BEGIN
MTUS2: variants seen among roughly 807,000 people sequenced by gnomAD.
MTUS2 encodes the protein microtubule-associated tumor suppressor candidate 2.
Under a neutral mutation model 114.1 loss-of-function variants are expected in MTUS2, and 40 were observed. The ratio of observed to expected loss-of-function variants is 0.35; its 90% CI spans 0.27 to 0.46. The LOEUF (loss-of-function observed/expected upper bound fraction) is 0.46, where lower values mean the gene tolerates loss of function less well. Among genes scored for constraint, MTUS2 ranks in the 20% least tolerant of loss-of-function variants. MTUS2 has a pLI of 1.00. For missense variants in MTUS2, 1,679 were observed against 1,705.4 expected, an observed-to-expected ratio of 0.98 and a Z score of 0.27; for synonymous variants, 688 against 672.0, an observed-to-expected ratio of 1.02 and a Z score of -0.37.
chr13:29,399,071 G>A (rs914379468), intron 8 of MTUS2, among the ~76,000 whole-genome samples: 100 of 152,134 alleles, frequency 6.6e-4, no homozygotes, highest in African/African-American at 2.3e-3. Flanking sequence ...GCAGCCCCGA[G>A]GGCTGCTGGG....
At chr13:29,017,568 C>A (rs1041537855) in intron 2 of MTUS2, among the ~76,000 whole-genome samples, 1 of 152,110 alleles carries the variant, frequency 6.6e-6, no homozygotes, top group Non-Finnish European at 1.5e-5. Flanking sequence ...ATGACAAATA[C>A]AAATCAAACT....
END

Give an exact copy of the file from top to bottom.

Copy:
MTUS2: variants seen among roughly 807,000 people sequenced by gnomAD.
MTUS2 encodes the protein microtubule-associated tumor suppressor candidate 2.
Under a neutral mutation model 114.1 loss-of-function variants are expected in MTUS2, and 40 were observed. The ratio of observed to expected loss-of-function variants is 0.35; its 90% CI spans 0.27 to 0.46. The LOEUF (loss-of-function observed/expected upper bound fraction) is 0.46, where lower values mean the gene tolerates loss of function less well. Among genes scored for constraint, MTUS2 ranks in the 20% least tolerant of loss-of-function variants. MTUS2 has a pLI of 1.00. For missense variants in MTUS2, 1,679 were observed against 1,705.4 expected, an observed-to-expected ratio of 0.98 and a Z score of 0.27; for synonymous variants, 688 against 672.0, an observed-to-expected ratio of 1.02 and a Z score of -0.37.
chr13:29,399,071 G>A (rs914379468), intron 8 of MTUS2, among the ~76,000 whole-genome samples: 100 of 152,134 alleles, frequency 6.6e-4, no homozygotes, highest in African/African-American at 2.3e-3. Flanking sequence ...GCAGCCCCGA[G>A]GGCTGCTGGG....
At chr13:29,017,568 C>A (rs1041537855) in intron 2 of MTUS2, among the ~76,000 whole-genome samples, 1 of 152,110 alleles carries the variant, frequency 6.6e-6, no homozygotes, top group Non-Finnish European at 1.5e-5. Flanking sequence ...ATGACAAATA[C>A]AAATCAAACT....